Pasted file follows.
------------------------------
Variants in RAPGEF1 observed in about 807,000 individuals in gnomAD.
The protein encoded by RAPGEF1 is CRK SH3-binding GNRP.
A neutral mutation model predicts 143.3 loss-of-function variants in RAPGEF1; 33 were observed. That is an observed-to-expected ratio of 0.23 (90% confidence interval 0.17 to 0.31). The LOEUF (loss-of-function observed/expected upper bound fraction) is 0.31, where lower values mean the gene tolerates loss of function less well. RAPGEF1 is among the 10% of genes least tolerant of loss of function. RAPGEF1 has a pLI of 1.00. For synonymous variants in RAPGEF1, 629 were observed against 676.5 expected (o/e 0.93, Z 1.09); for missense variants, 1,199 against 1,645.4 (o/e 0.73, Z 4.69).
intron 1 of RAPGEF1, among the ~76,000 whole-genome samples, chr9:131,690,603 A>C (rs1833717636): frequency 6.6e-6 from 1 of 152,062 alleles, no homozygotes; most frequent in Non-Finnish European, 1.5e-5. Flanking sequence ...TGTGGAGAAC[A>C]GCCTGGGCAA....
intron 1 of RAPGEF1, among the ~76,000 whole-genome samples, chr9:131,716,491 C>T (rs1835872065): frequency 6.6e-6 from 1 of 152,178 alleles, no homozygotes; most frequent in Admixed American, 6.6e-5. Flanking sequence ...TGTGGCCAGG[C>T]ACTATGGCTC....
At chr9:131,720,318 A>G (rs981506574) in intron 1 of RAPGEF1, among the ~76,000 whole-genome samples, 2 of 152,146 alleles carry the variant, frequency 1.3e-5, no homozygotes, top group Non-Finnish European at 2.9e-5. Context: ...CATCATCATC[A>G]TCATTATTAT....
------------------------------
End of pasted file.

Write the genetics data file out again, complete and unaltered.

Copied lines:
Variants in RAPGEF1 observed in about 807,000 individuals in gnomAD.
The protein encoded by RAPGEF1 is CRK SH3-binding GNRP.
A neutral mutation model predicts 143.3 loss-of-function variants in RAPGEF1; 33 were observed. That is an observed-to-expected ratio of 0.23 (90% confidence interval 0.17 to 0.31). The LOEUF (loss-of-function observed/expected upper bound fraction) is 0.31, where lower values mean the gene tolerates loss of function less well. RAPGEF1 is among the 10% of genes least tolerant of loss of function. RAPGEF1 has a pLI of 1.00. For synonymous variants in RAPGEF1, 629 were observed against 676.5 expected (o/e 0.93, Z 1.09); for missense variants, 1,199 against 1,645.4 (o/e 0.73, Z 4.69).
intron 1 of RAPGEF1, among the ~76,000 whole-genome samples, chr9:131,690,603 A>C (rs1833717636): frequency 6.6e-6 from 1 of 152,062 alleles, no homozygotes; most frequent in Non-Finnish European, 1.5e-5. Flanking sequence ...TGTGGAGAAC[A>C]GCCTGGGCAA....
intron 1 of RAPGEF1, among the ~76,000 whole-genome samples, chr9:131,716,491 C>T (rs1835872065): frequency 6.6e-6 from 1 of 152,178 alleles, no homozygotes; most frequent in Admixed American, 6.6e-5. Flanking sequence ...TGTGGCCAGG[C>T]ACTATGGCTC....
At chr9:131,720,318 A>G (rs981506574) in intron 1 of RAPGEF1, among the ~76,000 whole-genome samples, 2 of 152,146 alleles carry the variant, frequency 1.3e-5, no homozygotes, top group Non-Finnish European at 2.9e-5. Context: ...CATCATCATC[A>G]TCATTATTAT....